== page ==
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Why Fred Phelps Actually Does Matter

If there was an award for “Biggest Jerk of the Decade,” Fred Phelps probably would have won a time or two. He was a hateful, petty man who indoctrinated small children into his world of judgement and hypocrisy.

Unfortunately for all of us, especially the family members of those whose funerals his church protested, Fred Phelps won’t soon be forgotten. His use of First Amendment protection has been called abusive and downright evil by some, but ultimately all of the lawsuits that funded his Westboro Baptist Church served to set a precedent of just how far we are covered under our First Amendment rights.

Phelps has seen his share of imitators. We have seen them on TJC campus as well, but we’ve also seen localized pushback by Christians who want to show that a hateful message isn’t the best or only way to bring people to their religion.

In the days leading to his death, the LGBT community responded with an outpouring of love and tolerance. The people Phelps hated the most forgave him for the abuse he heaped on their community over the years.

There will always be men like Fred Phelps. Someone else will step into the spotlight to fill the void he has left, but silencing them is not the answer. Understanding why they’re allowed to do such things is what we need to take away from this man’s life.

Without the right to safely demonstrate your First Amendment rights, how long do you think you could hold onto your others? Without a voice, how can we even question whether or not we’re seeing fair votes for office?

A country that doesn’t allow men like Phelps to speak out, is a country that has the authority to silence anyone. We cherish our democracy and free society, well this is part of it. Look to Russia and the way they still silence political opponents. Nelson Mandela spent half his life in prison fighting for the right to have his voice heard.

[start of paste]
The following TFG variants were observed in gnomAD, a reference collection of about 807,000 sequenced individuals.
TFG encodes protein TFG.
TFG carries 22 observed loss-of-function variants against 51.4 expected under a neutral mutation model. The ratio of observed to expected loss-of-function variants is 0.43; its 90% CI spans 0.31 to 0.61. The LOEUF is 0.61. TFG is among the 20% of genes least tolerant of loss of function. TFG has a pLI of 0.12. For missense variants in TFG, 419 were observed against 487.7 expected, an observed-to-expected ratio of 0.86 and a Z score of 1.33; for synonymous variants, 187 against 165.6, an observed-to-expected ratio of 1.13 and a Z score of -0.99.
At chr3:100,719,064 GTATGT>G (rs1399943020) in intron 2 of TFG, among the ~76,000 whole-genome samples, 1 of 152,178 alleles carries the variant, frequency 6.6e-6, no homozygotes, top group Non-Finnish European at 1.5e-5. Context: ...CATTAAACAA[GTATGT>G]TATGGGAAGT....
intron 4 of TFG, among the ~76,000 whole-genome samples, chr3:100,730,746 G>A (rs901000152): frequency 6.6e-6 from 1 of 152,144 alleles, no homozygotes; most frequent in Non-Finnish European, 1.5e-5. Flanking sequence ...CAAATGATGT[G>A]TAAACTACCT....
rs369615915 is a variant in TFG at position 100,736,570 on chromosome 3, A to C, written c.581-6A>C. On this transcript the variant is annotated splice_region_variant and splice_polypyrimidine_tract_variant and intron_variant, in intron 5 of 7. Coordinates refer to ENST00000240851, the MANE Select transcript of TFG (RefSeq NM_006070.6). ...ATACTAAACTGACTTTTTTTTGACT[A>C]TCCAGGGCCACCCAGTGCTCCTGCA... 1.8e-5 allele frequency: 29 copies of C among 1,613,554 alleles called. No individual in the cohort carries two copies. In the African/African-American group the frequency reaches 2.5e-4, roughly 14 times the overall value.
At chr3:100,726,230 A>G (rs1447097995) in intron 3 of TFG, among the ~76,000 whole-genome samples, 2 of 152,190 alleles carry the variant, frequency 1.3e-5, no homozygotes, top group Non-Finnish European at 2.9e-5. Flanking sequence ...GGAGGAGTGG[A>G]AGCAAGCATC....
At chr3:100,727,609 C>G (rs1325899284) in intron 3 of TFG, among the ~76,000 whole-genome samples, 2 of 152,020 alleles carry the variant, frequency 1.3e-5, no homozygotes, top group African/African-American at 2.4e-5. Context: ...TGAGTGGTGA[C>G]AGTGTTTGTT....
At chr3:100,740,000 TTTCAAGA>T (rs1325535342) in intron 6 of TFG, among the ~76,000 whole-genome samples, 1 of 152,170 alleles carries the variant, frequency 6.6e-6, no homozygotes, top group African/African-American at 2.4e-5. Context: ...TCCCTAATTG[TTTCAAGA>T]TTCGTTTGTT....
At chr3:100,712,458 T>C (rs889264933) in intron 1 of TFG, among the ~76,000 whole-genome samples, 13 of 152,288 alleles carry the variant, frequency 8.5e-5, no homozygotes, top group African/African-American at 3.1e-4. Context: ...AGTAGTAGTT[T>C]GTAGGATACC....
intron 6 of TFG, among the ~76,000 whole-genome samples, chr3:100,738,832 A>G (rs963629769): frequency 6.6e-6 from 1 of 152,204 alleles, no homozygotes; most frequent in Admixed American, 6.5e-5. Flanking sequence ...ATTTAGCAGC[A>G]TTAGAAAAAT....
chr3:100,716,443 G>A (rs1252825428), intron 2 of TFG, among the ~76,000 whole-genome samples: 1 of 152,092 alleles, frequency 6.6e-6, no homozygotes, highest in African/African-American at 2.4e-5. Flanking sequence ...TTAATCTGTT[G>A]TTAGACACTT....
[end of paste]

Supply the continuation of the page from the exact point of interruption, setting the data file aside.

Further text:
This is why Fred Phelps matters. This is why the hateful, vocal minority is allowed to say the horrible things that they do. In our country we tend to see organizations like the Westboro Baptist Church as dangerous. But in countries where the right to speak your mind and protest aren’t consitutionally guaranteed, people advocating for equality or against oppressive governments are the ones that are dangerous.

Our service members lay down their lives to guarantee us these rights. It is no small sacrifice that they are making when they have to watch their friends’ deaths be celebrated by the WBC.

We can’t pick and choose who gets to practice free speech, just like we shouldn’t be picking and choosing who our society treats as equals. So if seeing occasional bigotry is the price I have to pay for being able to fight for equality, then you can be sure that it is a price I’m willing to pay. I can pay that price because I know that countless Americans before me paid a far greater price to secure the ideals we strive to live by.

The Phelps family has set an astonishingly distasteful precedent, but it is a precedent nonetheless. Their right to be generally bad people guarantees our right to push back.

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